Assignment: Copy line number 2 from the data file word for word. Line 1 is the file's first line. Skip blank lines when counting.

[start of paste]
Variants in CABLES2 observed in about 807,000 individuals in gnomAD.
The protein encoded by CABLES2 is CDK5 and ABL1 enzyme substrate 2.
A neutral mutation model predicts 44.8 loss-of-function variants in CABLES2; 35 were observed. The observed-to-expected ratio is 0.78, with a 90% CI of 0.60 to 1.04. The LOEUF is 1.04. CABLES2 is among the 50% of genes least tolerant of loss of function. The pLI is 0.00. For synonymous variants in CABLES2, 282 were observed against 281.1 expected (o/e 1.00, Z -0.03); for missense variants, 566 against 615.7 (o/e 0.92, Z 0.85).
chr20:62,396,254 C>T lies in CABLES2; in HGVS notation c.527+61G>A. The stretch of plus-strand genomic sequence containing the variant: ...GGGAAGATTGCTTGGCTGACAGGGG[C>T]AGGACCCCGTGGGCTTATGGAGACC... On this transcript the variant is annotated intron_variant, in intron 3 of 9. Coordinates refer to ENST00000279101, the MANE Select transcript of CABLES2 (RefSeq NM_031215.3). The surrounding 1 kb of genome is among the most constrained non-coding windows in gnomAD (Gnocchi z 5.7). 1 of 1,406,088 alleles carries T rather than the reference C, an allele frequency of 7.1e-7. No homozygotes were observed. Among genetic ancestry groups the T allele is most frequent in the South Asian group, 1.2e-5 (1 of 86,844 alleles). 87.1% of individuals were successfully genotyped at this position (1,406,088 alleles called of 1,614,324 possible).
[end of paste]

The protein encoded by CABLES2 is CDK5 and ABL1 enzyme substrate 2.